The Trouble With Texas, Continued: "The Mexican Transformation Is Nearly Complete"
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A reader responds to my column in Taki's on Texas:
Mr. Sailer, 
I just read your article and, coincidentally, am back from Texas after several years away. This time I had a chance to go south of San Antonio to within about 60 miles of the Mexican border. I must say the Mexican transformation is nearly complete. If it weren't for the sporadic Texas/US flags flown every now and then, I would have told you I was in Mexico just by observing the surroundings. They had little shantytowns, dilapidated trailers, impromptu markets on the side of the road (called Mexican Wal-Marts by the locals), etc.  

In Texas, a Mexican shantytown is called a "colonia."

Mr. Cowen should consider buying some real estate down there so he can enjoy the future today. He should keep his house unlocked though because it's common down there for illegals to pass through and sometimes they need a place to sleep and will break in the doors of locked ranches to get water/food/guns/etc. If you keep the door unlocked you at least won't need to fix the frame after it's over.  
In terms of your comparison to whites wanting a large Hispanic majority to get their social spending, but not realizing that the replacement help doesn't have what it takes to produce sustaining wealth. I try explaining this idea to friends of mine and I think many of them get it except for the most diehard liberals that have never been to heavily Mexican areas (let alone even have a passport to see these places firsthand).  
I try to reduce the problem to thinking of the United States as a large company. The company grew large through the effort of the older employees, their work ethic, and their drive to work as a team. And just like a company, bad hiring practices can quickly destroy the culture and bring the whole thing down relatively quickly.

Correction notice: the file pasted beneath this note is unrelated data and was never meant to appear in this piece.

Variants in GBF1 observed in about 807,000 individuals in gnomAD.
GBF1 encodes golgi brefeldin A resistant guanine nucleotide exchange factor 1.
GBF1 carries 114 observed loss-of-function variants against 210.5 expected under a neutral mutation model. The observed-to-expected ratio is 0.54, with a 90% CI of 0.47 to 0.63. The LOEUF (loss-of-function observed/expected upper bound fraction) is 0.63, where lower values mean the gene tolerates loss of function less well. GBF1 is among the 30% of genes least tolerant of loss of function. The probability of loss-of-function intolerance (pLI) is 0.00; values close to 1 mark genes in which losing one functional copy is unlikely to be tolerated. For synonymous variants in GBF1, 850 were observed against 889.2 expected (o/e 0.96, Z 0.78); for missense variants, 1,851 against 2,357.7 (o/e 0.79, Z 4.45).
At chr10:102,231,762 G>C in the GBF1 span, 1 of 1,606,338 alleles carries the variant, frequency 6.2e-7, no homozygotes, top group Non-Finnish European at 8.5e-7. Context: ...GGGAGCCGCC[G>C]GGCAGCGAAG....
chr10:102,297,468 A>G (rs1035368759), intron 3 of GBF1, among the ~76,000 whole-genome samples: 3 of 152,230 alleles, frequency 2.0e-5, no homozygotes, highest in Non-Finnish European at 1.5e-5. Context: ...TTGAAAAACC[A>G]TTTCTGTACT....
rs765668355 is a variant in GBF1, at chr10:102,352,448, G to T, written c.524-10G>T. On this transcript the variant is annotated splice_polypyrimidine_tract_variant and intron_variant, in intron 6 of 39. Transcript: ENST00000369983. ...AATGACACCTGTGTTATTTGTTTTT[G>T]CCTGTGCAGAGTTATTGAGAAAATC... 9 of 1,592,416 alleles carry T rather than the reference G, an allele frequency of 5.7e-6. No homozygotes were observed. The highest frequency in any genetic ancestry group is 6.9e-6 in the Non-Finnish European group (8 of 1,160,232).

For instance, let's imagine Microsoft adopted a new hiring policy that: 
1) Hired anyone regardless of qualifications or ability to fit into the company culture.  
2) Allowed those hired to bypass the HR department and bring in their immediate and extended family members who need a job whether qualified or not. 
3) Further allowed people to enter the building illegally, and then required HR to give them full employee benefits and not remove them. 
4) Did not remove employees even when it was obvious they were stealing, committing serious crimes, and abusing employee benefits.  
5) Stated that even though the new hires were dramatically less qualified than employees leaving/retiring from the company in terms of education and achievement, that they are going to make up the gap through sheer hiring quantity of similar employees.  
6) That any employee who objected to the new hiring practices would be threatened with punishment and fired for their opinions. 
If I was an investor that saw those things going on, what would I do? Well I'd sell the stock immediately and probably short the stock if I felt especially greedy. 
Welcome to America, Inc. I can't wait to see the quarterly reports from that company in 20 years. It is going to be ugly.
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